Donni Davy, “Euphoria’s” makeup designer and the woman behind all those copied, experimental, colorful eyeshadow looks is 32-years-old. But many of her legions of fans are young Gen-Z beauty lovers on TikTok and Instagram. On the latter, there are 296,000 posts using the hashtag #euphoriamakeup.
Davy went to school at Pratt Institute, where she studied photography. She discovered film and television makeup artistry when she was looking for a career that was creative, even if not in the traditional sense of having work hung in a gallery. A string of gigs led Davy to “Euphoria,” where her whimsical creativity with color and shape made makeup as much a star of the show as Zendaya and Hunter Schafer. Needless to say, Davy’s work has become emblematic of current makeup trends — think: untraditional takes on winged liner, gold chains as eyeliner and stick-on jewels. So it’s no surprise that products with her name attached have followed.
In February, Davy launched face decals with Face Lace by Phyllis Cohen. The decals are metallic clouds inspired by a look she’d created for Jules (Schafer) in “Euphoria.” They sold out in five days on shop.donnidavy.com. Now, Davy and Cohen have released two more sets of decals: Eye-lectric, featuring lightning bolt-inspired designs, and Spiked, reminiscent of extremely dramatic lashes. Kate Hudson wore decals from the Eye-lectric set in the March issue of InStyle.
“The clouds [are for] a specific crowd,” Davy said of the first drop, a limited release intended to “test the waters.”
“They’re playful. They’re pretty. They’re whimsical. They’re not necessarily meant to do anything super flattering — they’re just fun,” she said. “The spikes are actually more flattering and wearable. So I was like, ‘Let’s see what happens with something less whimsical and almost the opposite — more badass and almost more glam.” The wing shape, Davy said of the spikes, provides an eye-lifting effect.
And, as if that weren’t enough, the internet is abuzz with rumors of a full A24 (the production company behind “Euphoria”) makeup brand, with which Davy would undoubtedly be involved. The production company declined to comment. Gossip started when a job posting for a director of operations and supply went up on A24’s website. It reads: “Rules Beauty is a new A24 portfolio company focusing on the beauty space.” Speculation has since abounded that Rules is an amalgamation of Rue and Jules, “Euphoria’s” main characters. Given Davy’s distinctive styles for the show and her existing collaborations with Face Lace, one can almost start to picture what this brand could look like.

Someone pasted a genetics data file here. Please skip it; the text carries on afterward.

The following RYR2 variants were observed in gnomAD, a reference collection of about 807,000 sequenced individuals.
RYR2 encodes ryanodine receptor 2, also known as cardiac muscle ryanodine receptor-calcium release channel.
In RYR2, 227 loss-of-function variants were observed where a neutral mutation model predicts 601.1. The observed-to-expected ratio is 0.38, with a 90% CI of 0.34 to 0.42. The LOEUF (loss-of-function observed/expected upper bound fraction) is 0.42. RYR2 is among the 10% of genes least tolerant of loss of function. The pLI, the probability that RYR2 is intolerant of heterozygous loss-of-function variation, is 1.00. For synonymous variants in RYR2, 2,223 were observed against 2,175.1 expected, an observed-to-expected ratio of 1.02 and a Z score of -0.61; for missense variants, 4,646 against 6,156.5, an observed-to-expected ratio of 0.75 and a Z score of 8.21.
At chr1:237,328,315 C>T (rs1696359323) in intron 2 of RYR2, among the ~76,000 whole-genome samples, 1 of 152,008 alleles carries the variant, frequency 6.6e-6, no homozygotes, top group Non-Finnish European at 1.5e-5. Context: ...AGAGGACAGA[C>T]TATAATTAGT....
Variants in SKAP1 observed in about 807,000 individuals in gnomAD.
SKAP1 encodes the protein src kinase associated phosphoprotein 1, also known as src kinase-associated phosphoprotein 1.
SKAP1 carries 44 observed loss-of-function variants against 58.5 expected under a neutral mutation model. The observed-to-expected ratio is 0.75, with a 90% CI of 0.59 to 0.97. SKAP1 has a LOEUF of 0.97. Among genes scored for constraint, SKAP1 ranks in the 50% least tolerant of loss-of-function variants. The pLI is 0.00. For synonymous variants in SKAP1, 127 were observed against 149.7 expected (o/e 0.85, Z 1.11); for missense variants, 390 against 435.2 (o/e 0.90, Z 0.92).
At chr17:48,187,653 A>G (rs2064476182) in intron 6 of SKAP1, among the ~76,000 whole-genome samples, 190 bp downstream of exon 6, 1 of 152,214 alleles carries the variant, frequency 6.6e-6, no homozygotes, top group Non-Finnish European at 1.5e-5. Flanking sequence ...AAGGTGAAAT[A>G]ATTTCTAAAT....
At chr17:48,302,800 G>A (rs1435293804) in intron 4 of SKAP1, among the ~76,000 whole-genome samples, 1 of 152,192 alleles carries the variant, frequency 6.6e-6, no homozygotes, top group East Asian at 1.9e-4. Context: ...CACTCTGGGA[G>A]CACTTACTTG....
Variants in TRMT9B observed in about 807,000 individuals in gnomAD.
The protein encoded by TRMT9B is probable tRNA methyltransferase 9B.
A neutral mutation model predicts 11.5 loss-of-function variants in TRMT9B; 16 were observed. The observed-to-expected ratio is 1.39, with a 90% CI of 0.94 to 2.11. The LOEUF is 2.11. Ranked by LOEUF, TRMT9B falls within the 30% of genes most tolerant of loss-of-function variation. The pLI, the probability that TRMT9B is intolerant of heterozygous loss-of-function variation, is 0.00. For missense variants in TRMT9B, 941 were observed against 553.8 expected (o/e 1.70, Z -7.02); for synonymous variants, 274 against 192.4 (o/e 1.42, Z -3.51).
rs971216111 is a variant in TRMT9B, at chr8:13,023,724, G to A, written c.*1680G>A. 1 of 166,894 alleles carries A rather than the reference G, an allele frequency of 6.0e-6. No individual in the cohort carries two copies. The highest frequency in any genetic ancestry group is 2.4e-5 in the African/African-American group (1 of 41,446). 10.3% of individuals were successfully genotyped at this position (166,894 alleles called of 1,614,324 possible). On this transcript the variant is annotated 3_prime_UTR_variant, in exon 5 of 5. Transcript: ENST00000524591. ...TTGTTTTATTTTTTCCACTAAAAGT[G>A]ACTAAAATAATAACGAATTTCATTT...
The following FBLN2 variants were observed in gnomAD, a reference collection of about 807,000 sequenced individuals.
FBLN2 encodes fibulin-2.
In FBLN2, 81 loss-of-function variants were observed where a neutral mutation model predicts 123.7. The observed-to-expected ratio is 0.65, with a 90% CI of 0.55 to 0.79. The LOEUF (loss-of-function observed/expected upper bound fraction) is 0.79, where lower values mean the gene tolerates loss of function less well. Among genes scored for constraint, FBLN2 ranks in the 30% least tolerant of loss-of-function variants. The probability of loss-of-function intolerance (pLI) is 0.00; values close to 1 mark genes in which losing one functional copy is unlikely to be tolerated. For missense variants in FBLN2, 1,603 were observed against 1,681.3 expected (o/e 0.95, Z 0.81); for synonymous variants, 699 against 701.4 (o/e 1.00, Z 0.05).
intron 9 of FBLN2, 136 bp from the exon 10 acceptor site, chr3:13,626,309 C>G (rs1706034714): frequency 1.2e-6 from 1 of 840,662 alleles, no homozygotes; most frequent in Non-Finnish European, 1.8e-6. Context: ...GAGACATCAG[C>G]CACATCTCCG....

Davy told Glossy that she wants to keep creating products. “It’s been really fun,” she said. “I have a lot of ideas for stuff and not just stickers.” As a makeup artist on the show, she often has to “jerry-rig different things together, different products to get the exact finish or color I’m looking for.” she said. “It’s really cool to see things come to life … and then to see other people enjoying them is the best thing.”
For now, Davy is expanding her presence on TikTok, where, she said, the audience is different from that on Instagram. “Once I dipped my toes into TikTok, there was a whole new audience of kids that were like, ‘What? You’re here? Oh, you’re the person… People know “Euphoria” makeup, [but] they don’t know me. It’s been really cool having people reach out,” she said.
In a way, TikTok is the perfect platform for Davy’s designs. It is, after all, known for being the less buttoned-up, less “perfect” social network — a vibe that certainly aligns with the real and messy characters on “Euphoria.” Gen Z is also known for being more willing to experiment or be seen as “quirky.”
“I was looking at what Gen Z is doing [with makeup]. But I also looked a lot at all of the decades. People in history and in society have been doing cool makeup or different makeup, or self-expressive makeup on themselves forever. It just happens to exist a bit more on the periphery, on the outskirts of society — or, like, the weird girl at school,” Davy said.
Bringing these looks to the large audience of an HBO show may have given a sort of permission to others who wanted to experiment, she said. Comparatively, while runway makeup is often experimental, it can feel out of reach. “These characters [on “Euphoria,”] “they fuck up, they make mistakes, they fall in love, they cry. They’re funny. They’re real. So it’s kind of inviting and refreshing to see cool makeup on TV,” she said.